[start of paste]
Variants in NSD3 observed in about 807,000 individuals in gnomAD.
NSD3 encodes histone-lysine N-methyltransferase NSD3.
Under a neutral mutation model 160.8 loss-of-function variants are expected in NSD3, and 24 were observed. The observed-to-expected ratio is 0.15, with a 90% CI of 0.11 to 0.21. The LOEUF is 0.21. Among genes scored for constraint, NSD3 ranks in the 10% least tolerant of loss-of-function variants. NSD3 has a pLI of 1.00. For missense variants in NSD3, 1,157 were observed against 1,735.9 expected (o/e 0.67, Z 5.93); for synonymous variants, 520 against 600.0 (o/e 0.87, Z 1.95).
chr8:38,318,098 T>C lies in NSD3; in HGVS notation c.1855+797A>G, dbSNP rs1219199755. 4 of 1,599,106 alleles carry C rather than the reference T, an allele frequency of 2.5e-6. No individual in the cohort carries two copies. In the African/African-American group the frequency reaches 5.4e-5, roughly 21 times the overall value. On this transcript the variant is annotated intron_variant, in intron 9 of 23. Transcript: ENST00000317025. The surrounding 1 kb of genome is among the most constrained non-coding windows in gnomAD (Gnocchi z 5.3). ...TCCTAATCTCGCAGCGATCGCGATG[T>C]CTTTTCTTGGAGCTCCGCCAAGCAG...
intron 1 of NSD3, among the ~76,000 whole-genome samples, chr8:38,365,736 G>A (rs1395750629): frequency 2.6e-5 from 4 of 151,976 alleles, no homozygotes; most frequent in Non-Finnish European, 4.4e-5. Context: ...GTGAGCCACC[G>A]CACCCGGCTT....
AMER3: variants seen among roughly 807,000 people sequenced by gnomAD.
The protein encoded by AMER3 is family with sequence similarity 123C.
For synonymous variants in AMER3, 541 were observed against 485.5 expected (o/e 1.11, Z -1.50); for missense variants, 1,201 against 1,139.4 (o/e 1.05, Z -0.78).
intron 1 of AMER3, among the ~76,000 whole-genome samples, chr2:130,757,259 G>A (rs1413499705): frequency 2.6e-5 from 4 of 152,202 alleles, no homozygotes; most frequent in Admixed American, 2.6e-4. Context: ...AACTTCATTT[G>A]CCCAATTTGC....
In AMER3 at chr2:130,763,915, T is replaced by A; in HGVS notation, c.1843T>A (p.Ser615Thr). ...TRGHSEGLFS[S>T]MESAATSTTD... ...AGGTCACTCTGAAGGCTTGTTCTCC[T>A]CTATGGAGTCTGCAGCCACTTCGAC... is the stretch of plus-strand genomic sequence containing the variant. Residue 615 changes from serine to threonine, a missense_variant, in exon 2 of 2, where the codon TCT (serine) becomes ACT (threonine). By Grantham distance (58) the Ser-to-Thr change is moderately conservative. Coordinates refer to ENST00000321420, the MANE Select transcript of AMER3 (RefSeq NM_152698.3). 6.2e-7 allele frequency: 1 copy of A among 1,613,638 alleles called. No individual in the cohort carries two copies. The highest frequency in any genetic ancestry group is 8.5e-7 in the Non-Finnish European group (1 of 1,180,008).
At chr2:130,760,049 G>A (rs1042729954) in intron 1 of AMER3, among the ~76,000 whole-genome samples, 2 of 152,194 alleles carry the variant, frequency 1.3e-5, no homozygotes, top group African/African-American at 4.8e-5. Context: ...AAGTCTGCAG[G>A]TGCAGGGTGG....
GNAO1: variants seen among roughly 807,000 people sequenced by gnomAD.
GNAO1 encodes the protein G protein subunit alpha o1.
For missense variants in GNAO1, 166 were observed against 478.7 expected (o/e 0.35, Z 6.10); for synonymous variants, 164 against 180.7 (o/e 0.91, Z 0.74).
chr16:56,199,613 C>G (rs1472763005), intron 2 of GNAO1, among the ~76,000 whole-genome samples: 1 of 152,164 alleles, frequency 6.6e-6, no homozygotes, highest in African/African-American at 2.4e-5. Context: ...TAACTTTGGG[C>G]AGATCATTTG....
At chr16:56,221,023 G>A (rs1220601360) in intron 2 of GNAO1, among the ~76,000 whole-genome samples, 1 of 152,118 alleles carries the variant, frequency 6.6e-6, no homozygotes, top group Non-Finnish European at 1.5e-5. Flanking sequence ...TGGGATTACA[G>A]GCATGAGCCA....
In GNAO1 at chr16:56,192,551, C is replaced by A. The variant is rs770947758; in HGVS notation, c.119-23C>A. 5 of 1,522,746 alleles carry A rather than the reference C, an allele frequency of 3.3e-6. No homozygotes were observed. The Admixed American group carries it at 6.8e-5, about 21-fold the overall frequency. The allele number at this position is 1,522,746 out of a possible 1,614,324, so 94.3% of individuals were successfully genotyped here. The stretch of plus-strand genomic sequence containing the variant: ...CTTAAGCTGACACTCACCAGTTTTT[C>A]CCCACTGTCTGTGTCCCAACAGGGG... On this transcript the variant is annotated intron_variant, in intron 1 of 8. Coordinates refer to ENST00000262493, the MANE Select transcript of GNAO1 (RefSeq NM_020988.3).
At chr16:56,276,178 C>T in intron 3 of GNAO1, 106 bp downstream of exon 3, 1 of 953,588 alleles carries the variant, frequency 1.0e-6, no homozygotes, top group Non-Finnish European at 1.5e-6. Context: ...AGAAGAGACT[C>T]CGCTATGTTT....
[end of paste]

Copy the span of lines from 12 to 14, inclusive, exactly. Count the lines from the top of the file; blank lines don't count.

GNAO1: variants seen among roughly 807,000 people sequenced by gnomAD.
GNAO1 encodes the protein G protein subunit alpha o1.
For missense variants in GNAO1, 166 were observed against 478.7 expected (o/e 0.35, Z 6.10); for synonymous variants, 164 against 180.7 (o/e 0.91, Z 0.74).